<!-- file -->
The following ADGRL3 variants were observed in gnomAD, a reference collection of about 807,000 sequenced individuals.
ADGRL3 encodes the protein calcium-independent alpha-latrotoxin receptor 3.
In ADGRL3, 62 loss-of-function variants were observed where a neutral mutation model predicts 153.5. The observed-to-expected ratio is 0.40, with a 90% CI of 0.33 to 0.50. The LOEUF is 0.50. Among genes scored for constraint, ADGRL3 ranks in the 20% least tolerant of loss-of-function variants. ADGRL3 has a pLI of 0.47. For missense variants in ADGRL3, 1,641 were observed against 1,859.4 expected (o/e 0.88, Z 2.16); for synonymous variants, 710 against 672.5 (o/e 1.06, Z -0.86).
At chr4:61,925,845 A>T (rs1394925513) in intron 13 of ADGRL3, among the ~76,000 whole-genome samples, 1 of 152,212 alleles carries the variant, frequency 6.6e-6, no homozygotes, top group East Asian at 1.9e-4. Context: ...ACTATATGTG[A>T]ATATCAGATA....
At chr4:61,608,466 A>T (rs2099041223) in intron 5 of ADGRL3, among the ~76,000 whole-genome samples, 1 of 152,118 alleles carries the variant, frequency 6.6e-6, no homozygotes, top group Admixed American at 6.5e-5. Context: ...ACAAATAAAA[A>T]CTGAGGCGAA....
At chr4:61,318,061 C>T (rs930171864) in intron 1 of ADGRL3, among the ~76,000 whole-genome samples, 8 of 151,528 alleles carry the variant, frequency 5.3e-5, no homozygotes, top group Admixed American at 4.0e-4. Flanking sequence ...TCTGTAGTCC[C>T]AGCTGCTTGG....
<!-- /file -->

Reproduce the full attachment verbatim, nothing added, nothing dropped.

The following ADGRL3 variants were observed in gnomAD, a reference collection of about 807,000 sequenced individuals.
ADGRL3 encodes the protein calcium-independent alpha-latrotoxin receptor 3.
In ADGRL3, 62 loss-of-function variants were observed where a neutral mutation model predicts 153.5. The observed-to-expected ratio is 0.40, with a 90% CI of 0.33 to 0.50. The LOEUF is 0.50. Among genes scored for constraint, ADGRL3 ranks in the 20% least tolerant of loss-of-function variants. ADGRL3 has a pLI of 0.47. For missense variants in ADGRL3, 1,641 were observed against 1,859.4 expected (o/e 0.88, Z 2.16); for synonymous variants, 710 against 672.5 (o/e 1.06, Z -0.86).
At chr4:61,925,845 A>T (rs1394925513) in intron 13 of ADGRL3, among the ~76,000 whole-genome samples, 1 of 152,212 alleles carries the variant, frequency 6.6e-6, no homozygotes, top group East Asian at 1.9e-4. Context: ...ACTATATGTG[A>T]ATATCAGATA....
At chr4:61,608,466 A>T (rs2099041223) in intron 5 of ADGRL3, among the ~76,000 whole-genome samples, 1 of 152,118 alleles carries the variant, frequency 6.6e-6, no homozygotes, top group Admixed American at 6.5e-5. Context: ...ACAAATAAAA[A>T]CTGAGGCGAA....
At chr4:61,318,061 C>T (rs930171864) in intron 1 of ADGRL3, among the ~76,000 whole-genome samples, 8 of 151,528 alleles carry the variant, frequency 5.3e-5, no homozygotes, top group Admixed American at 4.0e-4. Flanking sequence ...TCTGTAGTCC[C>T]AGCTGCTTGG....